Wanji brings the 2016 baby count to six- a pretty incredible feat when you consider how many females were not eligible to contribute. And, to add a bit of icing to that cake, five of them are boys which rounds out our study population quite nicely. Now I’m just waiting on one more female to give the last of my original study babies a little sibling before the end of data collection in August…
....come on, Leona!
pluh-sen-toe-PHAY-gee: postpartum consumption of the mammalian placenta, or afterbirth
A brief overview of what I’ve been able to find about placentophagy:
While maternal placentophagy is relatively common across mammals, evidence of other, non-mother, placental consumption seems pretty scant. I have not been able to find a previously documented case of non-mother group members consuming placenta in chimps. However, as so many other things, I’m sure that if I’ve seen it, someone else must have. I happily, and eagerly, invite anyone and everyone to send me any evidence that you may have- whether from personal experience or someone else’s documented account.
Witnessing a live birth is extremely rare among wild chimpanzees (but check out this article from Nature about the similarities between human and chimpanzee birthing processes). Because of this, the data is scant, but I’ve gathered what I can about placentophagy at other sites.
Researchers at Bossou, Guinea recently reported a their second case of researchers witnessing a live birth (Fujisawa et al. 2016). In that instance, the mother consumed the placenta and, although others gathered round and inspected the baby, she did not share it with any other individuals. I learned through personal communication that there was a case of one individual female at Gombe carrying her placenta around for days after parturition until it shriveled up and turned black. While several other individuals approached her during this time and were clearly very interested in the placenta, no one other than the mother ever ate any part of it.
And then there's Kanyawara. Luckily, I've been surrounded by field assistants and PI's over the last few weeks and have been able to ask a million questions about their previous experiences here. I confirmed one report of a female burying her placenta after birth. In a second case, a different female ate her own placenta after birth. However, in most cases that we've had an observer in the right place at the right time, the placenta was never seen. This certainly does not preclude placentophagy as mothers generally build large day nests and give birth in those nests, only emerging hours after parturition to rejoin the group (Gombe: Goodall 1980, Kanyawara: unpublished data). We cannot enter such nests to check for the presence/absence of the placenta so it is impossible to comment on whether they were consumed. Further, I have seen older siblings (including this particular placentophile, Gola) entering birthing nests on multiple occasions both while mothers and newborns are still in them, and after they have left. This may provide those siblings with the opportunity to access and consume their mother’s placentas but, again, is very difficult to confirm or refute due to nesting conditions.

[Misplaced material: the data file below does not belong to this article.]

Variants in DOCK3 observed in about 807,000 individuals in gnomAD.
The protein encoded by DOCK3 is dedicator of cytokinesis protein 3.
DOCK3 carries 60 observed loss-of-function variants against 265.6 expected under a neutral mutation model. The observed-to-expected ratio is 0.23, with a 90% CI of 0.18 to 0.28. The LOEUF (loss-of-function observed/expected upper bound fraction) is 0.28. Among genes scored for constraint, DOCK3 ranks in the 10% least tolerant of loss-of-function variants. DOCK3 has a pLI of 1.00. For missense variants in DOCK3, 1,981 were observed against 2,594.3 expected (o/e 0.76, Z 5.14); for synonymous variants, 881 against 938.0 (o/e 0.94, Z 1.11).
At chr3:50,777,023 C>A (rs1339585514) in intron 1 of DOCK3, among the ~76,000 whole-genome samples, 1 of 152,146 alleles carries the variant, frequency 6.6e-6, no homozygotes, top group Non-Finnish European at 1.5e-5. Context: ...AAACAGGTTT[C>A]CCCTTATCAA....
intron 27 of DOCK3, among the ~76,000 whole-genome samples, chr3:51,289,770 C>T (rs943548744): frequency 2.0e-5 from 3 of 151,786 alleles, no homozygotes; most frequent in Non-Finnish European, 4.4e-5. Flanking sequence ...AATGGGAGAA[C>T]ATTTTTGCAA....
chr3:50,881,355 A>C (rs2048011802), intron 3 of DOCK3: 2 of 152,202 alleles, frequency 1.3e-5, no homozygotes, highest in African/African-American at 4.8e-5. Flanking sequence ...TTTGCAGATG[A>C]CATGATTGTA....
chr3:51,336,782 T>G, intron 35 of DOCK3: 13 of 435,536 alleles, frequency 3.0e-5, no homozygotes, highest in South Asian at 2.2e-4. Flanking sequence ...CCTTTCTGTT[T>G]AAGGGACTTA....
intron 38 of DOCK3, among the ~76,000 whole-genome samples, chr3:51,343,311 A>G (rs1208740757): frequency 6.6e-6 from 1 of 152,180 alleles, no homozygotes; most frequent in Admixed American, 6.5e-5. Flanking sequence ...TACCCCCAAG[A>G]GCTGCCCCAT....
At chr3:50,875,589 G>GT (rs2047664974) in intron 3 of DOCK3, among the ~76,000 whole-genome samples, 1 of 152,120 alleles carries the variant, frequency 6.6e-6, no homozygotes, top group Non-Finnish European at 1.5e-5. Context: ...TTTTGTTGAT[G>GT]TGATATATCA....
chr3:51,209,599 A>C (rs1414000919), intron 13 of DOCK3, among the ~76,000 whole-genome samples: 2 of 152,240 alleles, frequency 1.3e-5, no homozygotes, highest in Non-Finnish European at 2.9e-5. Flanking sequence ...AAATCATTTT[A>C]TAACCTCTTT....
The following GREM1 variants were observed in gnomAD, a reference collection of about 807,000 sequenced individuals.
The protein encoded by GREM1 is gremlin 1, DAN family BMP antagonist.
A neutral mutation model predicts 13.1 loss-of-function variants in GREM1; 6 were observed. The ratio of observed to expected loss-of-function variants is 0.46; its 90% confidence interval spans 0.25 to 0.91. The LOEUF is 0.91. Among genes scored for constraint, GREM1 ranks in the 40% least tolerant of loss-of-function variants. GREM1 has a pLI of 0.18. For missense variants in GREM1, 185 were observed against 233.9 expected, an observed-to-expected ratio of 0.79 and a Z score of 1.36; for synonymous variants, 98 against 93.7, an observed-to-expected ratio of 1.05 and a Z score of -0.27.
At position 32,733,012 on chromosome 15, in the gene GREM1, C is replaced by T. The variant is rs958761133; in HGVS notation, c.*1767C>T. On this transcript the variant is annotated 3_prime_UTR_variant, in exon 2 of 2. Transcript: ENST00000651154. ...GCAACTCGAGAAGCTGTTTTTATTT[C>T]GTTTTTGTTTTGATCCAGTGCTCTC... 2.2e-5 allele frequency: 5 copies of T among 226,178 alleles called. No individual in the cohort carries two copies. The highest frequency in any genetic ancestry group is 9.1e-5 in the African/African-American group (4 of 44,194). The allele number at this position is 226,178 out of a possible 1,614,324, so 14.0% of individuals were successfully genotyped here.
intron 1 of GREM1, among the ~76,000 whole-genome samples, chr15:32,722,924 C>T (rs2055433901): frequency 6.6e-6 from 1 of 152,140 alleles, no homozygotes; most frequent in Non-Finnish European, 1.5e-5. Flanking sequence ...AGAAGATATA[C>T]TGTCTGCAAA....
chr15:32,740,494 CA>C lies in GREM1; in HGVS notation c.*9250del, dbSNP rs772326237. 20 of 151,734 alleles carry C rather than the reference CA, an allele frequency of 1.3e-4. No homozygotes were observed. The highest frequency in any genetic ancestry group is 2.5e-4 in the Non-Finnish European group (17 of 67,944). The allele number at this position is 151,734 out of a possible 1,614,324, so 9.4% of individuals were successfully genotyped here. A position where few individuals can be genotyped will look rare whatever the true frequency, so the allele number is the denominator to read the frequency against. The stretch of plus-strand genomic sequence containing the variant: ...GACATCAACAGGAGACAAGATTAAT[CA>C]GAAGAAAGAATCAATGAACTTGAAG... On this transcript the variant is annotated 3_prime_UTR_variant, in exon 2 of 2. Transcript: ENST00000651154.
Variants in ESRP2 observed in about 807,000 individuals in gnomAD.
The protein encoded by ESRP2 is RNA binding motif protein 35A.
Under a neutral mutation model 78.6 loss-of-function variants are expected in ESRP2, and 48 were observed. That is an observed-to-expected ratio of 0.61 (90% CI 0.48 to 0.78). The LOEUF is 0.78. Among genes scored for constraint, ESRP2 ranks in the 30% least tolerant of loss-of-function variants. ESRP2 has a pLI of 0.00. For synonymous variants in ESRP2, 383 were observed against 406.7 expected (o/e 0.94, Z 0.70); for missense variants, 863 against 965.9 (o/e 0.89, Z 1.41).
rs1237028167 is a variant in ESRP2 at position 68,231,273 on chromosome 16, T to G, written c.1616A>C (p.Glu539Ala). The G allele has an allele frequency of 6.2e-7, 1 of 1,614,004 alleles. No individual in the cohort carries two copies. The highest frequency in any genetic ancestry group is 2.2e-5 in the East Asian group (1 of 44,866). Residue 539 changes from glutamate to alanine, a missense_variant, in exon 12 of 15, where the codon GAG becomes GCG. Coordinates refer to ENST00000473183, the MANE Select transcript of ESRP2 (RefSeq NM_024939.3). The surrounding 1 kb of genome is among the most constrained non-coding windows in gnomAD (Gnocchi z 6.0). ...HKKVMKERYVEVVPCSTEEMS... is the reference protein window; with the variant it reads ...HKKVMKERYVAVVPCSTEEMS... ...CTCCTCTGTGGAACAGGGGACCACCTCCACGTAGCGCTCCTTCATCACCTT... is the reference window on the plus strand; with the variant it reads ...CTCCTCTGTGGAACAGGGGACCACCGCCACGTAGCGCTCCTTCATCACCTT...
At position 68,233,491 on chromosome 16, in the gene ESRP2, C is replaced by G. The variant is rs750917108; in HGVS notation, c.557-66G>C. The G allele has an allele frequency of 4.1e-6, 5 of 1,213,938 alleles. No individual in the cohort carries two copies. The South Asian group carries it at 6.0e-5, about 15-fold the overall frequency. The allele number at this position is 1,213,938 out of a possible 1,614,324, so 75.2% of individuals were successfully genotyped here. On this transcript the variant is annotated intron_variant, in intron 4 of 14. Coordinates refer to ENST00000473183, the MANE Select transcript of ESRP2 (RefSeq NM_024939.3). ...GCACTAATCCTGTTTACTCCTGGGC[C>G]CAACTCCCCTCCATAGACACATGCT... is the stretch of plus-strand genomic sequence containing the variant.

So again: calling all field biologists! Send more information! You can even use the comments section of this blog post to add your experience or any cases that you’ve read about or even just to name some people that I should ask about it! I am really interested to know if what we saw was truly “unique” or just under-reported!
1. Fujisawa, M., Hockings, K. J., Soumah, A. G., & Matsuzawa, T. (2016). Placentophagy in wild chimpanzees (Pan troglodytes verus) at Bossou, Guinea. Primates, 57(2), 175-180.
2. Goodall, J., & Athumani, J. (1980). An observed birth in a free-living chimpanzee (Pan troglodytes schweinfurthii) in Gombe National Park, Tanzania. Primates, 21(4), 545-549.
Yes, it might seem unbelievable that our chimps moms here have managed to add new characters to the Kanyawara cast between July and December, especially given our incredible baby luck these last two seasons, but they continue to amaze me!!